Alice Merton will release her first album, Mint, on January 18. It already has a chart topping hit in 2016’s ‘No Roots’, as well as three previously released tracks, including ‘Funny Business,’ which hit airwaves in late November, and received a music video this week. In contrast to her first single’s head down, eyes-closed, push and pummel, which brought it to the top, the powerfully voiced German-French-Canadian displays her flexibility in ‘Funny Business,’ which may prove to be her strongest asset.
The phrase “funny business” has a cinematic quality in its own right. Bulky gangsters command the colloquialism in dusters and fedoras, guns pointed, just before their world gets turned upside down. In Merton’s track, those four syllables carry none such weight. They fly lightly about suggesting there is actually no need to worry. The video for ‘Funny Business’ does the same.
It’s a simple clip, one dancer – in this case a pale, young, white guy with a scruffy goatee and blond hair that looks distressingly like a German/Nordic Macaulay Culkin – twirls, gyrates, and pirouettes through a city. It’s a concept everyone still or ever interested in music videos is familiar. In the end there is a twist, but really it’s the twists, turns, and understanding of place presented by the dancer juxtaposed against the lyrics that gives ‘Funny Business’ a unique quality.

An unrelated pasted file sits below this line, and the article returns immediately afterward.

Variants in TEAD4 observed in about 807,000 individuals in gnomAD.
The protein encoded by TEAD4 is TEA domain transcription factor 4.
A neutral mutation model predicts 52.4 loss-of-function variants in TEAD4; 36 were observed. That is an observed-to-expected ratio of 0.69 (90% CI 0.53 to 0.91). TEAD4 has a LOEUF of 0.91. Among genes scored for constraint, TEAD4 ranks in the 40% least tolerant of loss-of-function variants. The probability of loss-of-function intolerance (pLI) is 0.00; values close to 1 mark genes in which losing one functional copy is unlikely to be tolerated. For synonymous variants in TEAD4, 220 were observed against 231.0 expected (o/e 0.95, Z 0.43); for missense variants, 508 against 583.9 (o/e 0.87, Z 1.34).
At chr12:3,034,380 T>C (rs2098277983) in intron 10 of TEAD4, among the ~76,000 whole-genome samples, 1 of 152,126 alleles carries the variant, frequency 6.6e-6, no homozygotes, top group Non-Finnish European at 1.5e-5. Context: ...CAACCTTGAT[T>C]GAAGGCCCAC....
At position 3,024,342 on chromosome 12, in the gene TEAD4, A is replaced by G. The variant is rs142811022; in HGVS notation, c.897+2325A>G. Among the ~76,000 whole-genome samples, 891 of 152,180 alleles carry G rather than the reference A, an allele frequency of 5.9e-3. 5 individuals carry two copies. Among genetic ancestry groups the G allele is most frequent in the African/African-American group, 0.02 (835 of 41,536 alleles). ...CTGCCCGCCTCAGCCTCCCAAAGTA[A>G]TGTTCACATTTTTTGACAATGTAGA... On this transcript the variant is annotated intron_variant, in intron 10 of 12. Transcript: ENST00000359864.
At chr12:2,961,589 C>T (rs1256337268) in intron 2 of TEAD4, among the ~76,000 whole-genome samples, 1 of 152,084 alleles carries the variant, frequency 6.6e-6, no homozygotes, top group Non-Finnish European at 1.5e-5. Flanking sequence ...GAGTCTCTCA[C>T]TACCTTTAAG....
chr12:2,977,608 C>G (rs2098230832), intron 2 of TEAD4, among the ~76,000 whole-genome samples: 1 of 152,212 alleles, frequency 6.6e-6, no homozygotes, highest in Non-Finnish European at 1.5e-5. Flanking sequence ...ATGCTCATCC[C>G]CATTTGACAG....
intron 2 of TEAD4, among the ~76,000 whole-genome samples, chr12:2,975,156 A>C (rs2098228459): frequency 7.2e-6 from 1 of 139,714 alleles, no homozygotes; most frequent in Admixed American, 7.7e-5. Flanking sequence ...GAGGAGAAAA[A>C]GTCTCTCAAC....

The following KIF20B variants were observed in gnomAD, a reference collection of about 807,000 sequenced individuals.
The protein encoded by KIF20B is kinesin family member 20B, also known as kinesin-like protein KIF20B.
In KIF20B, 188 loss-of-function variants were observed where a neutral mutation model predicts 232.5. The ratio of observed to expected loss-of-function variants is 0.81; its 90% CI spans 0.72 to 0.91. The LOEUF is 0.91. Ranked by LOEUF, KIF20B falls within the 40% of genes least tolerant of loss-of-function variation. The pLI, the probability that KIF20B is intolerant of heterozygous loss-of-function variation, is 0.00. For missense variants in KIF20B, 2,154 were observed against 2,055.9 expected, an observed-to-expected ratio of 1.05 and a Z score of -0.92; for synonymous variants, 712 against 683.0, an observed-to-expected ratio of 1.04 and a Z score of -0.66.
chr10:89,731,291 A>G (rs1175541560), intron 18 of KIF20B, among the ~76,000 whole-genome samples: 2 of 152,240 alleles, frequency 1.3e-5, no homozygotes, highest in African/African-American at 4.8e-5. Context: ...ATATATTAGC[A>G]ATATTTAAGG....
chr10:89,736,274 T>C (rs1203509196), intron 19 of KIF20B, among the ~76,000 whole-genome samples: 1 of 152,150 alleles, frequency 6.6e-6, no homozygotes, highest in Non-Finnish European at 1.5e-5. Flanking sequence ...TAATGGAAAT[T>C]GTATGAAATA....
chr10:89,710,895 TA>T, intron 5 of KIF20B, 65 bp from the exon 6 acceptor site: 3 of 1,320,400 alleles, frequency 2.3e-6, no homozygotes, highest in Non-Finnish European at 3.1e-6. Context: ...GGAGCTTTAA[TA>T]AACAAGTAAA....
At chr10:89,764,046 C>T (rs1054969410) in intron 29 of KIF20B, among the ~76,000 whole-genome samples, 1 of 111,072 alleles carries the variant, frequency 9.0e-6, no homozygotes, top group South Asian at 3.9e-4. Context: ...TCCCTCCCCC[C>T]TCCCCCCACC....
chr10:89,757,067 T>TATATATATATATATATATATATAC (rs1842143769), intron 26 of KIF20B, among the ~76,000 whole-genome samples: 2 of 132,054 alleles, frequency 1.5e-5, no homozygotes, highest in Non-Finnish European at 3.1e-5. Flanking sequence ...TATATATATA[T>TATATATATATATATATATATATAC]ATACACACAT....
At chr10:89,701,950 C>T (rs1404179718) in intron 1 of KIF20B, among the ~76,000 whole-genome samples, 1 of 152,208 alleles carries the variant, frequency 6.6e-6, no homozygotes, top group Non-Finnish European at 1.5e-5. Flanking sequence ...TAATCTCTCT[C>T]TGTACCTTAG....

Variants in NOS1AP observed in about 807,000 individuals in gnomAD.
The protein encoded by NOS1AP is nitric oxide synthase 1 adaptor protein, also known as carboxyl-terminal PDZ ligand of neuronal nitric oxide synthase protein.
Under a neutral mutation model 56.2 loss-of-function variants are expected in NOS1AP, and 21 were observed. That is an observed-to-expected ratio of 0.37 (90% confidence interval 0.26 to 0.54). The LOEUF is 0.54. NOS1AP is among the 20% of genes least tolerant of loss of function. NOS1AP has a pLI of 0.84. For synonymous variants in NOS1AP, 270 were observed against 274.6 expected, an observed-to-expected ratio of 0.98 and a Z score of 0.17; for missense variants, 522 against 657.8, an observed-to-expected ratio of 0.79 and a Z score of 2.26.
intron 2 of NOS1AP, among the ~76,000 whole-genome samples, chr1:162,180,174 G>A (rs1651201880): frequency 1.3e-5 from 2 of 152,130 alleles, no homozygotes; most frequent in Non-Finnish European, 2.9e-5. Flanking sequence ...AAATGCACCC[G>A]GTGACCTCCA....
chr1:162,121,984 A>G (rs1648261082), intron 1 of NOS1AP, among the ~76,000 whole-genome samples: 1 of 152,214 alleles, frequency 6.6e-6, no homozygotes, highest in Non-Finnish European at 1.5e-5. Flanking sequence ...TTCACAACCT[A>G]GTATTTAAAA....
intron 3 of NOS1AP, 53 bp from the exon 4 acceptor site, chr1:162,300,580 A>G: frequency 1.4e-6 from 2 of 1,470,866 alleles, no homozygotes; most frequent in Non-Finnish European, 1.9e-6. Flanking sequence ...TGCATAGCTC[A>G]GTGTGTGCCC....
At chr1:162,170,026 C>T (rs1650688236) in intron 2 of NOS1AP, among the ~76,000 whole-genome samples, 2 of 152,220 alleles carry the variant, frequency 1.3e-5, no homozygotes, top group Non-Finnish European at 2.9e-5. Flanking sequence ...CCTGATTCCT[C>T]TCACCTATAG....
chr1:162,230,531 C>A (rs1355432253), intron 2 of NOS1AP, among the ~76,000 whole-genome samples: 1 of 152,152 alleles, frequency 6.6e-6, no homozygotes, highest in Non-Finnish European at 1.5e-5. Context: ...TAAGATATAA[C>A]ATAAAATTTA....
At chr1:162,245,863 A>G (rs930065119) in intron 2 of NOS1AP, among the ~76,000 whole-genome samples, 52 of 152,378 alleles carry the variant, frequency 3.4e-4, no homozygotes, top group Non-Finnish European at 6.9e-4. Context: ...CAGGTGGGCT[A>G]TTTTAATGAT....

Merton took her first turn in the director’s chair while creating the music video, and in an interview with Refinery29, she explained, “I didn’t hire a choreographer, I asked him to think of three routines he could do for the verse and the chorus and the rest I ad-libbed with him. We experimented and saw what looked cool in different parts of Berlin that I had scouted with my cameraman.”
There is just so much fucking joy in Nikita’s – the dancer – dancing that it infectiously brings the mood up despite the dreary greyness of Berlin and his messy kitchen’s crumbling paint job – rarely is sipping a night old, luke warm beer a dance-worthy pleasure, but there is just no way to doubt his sincerity. Then there are those shots where he bends and poses as the tram goes by above, also top-hole. It all shows Merton’s knowledge of the German capital as it pushes opposites against each other throughout creating an exuberance that somehow really does exist in the city’s air.
The movement of words and how they line up and twist like the muscles of a dancer’s body, sometimes fluid, at others stiff, is at the heart of what makes ‘Funny Business’ and its corresponding music video work so well. “I don’t do funny business” is an odd twist of phrase, it doesn’t feel fluid, but it is earnest and that provides it with its own energy. The stumble of phrase is something that plays well into Merton’s upbringing, one that saw her bounce around Europe and North America to places that speak various tongues. On ‘Funny Business’, she delivers a visual as well as a song that works because of its energy and its verbal and physical flexibility.
‘Funny Business’ moves in twists and turns, binding the sonic and the visual. It’s the kind of pop that makes you want to move. Lyrically it dances, visually it does the same.
HURRY – BUY – ALICE MERTON MUSIC